The question “Why do I only snore on my back?” is a “chicken and egg” question. We wonder what comes first, a snore or the position we sleep in. The answer is still unclear but what we know for sure is why do some sleep positions make us more predisposed to snoring and how to stop snoring when sleeping on our back is essential.
Snoring when on your back
You probably noticed that people who sleep on their back snore more often and more loudly. The truth is sleep position really matters when it comes to snoring. It was found that 54% of sleep apnea patients snore on their back only. The rest were “nonpositional” snorers. It means that if you’re not a chronic snorer, there are high chances of getting rid of snoring by simply changing the sleep position.
Of course, it’d be too easy. Many other factors take the stage, like lifestyle, genes, sleeping hygiene and even sex. That explains why guys snore when they sleep on their back rather than girls. In any case, snoring while on your back predispose you to produce that annoying sound and positional therapy can be a good option.
Why do you snore on your back
So, answering the question “Why do you snore on your back?” we have to reproduce the process of sleeping. While we sleep most parts of the throat are relaxed, the airflow goes through them, so it may cause the vibration that we know as snoring. If you sleep on your back, your throat is more likely to collapse, the airways narrow and it causes obstructive breathing. The fact the tongue may slip toward the back of the throat can also be a reason for snoring when on your back.
Note, the sleep position is important but it’s not the only thing. People with chronic snoring, nasal congestion, allergies may continue to snore when asleep on the side or in any other position.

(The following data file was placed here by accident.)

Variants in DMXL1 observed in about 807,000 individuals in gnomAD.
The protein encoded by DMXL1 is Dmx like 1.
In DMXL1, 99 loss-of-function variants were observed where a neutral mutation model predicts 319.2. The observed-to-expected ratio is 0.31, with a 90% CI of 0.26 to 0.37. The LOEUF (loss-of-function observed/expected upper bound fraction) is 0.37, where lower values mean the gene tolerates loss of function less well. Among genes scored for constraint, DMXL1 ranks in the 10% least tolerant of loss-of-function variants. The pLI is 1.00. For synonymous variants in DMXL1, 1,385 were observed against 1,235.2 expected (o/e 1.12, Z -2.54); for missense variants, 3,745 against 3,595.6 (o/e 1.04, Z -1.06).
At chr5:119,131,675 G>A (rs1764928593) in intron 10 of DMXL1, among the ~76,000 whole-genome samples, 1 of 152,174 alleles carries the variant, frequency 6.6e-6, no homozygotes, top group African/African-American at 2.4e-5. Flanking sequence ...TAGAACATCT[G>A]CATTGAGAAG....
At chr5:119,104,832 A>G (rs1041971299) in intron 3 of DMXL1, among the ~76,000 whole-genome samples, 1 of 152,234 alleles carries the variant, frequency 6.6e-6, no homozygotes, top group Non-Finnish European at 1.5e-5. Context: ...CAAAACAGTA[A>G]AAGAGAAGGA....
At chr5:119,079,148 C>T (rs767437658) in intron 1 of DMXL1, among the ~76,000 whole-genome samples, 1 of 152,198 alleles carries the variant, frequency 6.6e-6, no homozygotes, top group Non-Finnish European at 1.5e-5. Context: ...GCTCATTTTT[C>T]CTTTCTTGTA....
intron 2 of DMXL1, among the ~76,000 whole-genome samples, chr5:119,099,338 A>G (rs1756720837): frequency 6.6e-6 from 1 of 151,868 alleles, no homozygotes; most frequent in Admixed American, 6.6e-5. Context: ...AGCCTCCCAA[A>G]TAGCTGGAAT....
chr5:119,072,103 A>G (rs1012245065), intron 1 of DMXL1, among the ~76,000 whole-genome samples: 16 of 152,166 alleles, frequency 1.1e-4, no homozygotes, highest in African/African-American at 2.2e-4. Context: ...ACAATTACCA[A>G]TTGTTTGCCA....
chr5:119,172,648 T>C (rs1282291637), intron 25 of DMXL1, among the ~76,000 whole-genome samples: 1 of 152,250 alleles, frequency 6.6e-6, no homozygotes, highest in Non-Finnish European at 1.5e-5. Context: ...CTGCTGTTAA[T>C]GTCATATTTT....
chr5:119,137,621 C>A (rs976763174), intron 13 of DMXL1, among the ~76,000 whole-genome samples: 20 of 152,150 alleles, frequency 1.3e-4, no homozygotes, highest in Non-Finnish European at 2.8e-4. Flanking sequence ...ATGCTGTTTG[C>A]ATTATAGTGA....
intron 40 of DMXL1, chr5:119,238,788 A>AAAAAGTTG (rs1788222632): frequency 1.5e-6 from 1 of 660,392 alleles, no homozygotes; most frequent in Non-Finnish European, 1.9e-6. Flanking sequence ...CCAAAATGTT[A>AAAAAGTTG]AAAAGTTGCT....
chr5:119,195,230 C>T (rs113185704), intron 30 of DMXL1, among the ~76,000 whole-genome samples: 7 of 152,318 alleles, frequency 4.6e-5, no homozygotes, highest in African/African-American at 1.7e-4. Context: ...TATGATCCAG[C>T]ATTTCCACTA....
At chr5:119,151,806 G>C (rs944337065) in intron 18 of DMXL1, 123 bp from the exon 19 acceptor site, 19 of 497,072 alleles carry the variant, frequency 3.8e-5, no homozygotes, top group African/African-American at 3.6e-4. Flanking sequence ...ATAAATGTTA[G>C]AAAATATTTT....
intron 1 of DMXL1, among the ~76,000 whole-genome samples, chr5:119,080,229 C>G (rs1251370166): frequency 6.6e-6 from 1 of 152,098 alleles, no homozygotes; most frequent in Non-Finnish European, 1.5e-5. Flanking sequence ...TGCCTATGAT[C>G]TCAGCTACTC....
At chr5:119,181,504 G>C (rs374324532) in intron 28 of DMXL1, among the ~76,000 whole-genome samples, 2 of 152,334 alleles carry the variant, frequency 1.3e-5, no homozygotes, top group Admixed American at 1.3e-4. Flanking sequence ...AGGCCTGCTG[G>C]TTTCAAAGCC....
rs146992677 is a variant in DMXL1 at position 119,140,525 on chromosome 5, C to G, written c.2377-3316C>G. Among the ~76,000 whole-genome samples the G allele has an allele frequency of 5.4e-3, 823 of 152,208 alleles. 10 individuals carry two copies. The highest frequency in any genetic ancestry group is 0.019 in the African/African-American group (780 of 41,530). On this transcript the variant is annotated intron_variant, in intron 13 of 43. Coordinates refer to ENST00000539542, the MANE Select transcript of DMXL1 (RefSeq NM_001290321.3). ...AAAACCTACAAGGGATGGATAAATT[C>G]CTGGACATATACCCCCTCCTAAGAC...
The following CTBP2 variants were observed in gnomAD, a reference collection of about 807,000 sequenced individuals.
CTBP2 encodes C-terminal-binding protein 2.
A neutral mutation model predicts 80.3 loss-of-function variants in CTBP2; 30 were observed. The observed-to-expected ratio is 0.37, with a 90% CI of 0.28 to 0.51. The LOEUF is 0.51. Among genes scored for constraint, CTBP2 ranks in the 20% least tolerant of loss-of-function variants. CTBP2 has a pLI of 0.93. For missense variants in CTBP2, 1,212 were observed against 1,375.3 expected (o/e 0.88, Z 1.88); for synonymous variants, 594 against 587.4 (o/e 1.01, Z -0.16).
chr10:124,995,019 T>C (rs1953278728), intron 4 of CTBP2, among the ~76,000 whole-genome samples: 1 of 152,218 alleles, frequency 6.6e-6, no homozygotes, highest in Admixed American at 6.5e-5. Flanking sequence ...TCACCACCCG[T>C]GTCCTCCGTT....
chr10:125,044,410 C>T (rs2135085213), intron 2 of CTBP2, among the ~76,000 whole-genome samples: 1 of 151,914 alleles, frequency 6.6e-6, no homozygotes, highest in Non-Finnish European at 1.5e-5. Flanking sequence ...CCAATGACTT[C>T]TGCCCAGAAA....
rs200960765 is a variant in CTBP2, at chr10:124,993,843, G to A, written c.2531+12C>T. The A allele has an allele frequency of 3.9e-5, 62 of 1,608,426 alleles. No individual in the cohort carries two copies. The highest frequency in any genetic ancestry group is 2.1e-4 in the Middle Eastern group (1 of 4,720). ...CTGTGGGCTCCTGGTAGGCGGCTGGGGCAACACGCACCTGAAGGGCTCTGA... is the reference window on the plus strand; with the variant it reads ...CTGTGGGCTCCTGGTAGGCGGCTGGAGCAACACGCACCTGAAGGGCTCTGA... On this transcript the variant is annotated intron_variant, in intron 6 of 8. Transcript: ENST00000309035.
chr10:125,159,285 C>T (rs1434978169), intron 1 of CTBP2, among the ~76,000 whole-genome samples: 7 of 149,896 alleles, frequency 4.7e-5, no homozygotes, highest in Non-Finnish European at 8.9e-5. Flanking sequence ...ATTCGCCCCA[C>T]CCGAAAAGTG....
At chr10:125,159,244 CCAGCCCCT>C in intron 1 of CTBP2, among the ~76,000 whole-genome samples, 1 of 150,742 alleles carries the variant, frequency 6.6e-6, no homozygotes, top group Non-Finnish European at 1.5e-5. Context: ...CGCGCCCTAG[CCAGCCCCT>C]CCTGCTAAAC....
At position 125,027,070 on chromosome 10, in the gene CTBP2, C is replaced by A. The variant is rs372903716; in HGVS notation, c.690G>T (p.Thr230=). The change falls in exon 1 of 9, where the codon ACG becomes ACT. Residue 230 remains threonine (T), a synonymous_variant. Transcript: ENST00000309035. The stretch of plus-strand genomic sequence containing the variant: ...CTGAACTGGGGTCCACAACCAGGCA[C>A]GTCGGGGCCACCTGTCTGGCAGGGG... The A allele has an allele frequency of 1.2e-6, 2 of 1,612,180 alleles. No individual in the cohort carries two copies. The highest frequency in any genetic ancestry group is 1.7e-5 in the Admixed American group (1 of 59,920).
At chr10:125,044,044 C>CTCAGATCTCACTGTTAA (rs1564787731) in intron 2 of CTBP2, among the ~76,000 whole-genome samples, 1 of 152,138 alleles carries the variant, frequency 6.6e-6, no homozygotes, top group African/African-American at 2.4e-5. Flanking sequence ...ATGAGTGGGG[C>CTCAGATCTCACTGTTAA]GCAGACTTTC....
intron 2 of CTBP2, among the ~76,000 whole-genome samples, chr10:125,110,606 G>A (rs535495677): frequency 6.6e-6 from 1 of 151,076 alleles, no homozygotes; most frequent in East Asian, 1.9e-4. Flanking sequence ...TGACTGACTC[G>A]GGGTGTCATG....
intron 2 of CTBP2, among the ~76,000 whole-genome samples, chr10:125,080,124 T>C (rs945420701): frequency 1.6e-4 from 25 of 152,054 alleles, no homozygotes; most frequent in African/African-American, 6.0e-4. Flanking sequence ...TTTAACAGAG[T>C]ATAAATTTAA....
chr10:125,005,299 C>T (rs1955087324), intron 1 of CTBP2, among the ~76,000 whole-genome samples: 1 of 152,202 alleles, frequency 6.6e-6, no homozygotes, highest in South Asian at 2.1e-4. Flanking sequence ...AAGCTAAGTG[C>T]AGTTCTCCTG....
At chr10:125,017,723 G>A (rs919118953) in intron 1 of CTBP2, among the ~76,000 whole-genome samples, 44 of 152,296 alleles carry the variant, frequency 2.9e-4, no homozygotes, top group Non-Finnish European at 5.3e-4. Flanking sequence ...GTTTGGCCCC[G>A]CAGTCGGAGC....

How to sleep on back without snoring
Even if you don’t snore, you haven’t been diagnosed with sleep apnea and feel absolutely safe and sound, these tips on how to sleep on your back without snoring will be useful:.
- Change the pillow. The firm, high-loft pillow that keeps your neck at the natural curve will suit you best. Don’t take a big one, it should be just 20% bigger than your head.
- Train your mouth. Practice short exercises that include pushing the tongue against the roof of the mouth and elevating the soft palate and the uvula while making the vowel sound “A”.
- Clean up your nose. A stuffy nose is one reason why people snore when they sleep on their back. Clean up the nose before going to bed if you feel the need, stand in a steamy shower, use nasal strips or rinse the nose with saline solution.
Instead of thinking about how to avoid snoring when you sleep on your back, people should examine the trigger of a snore first. Sleep monitoring, sleeping dairies and of course, consultation with a doctor is an inevitable part of treatment.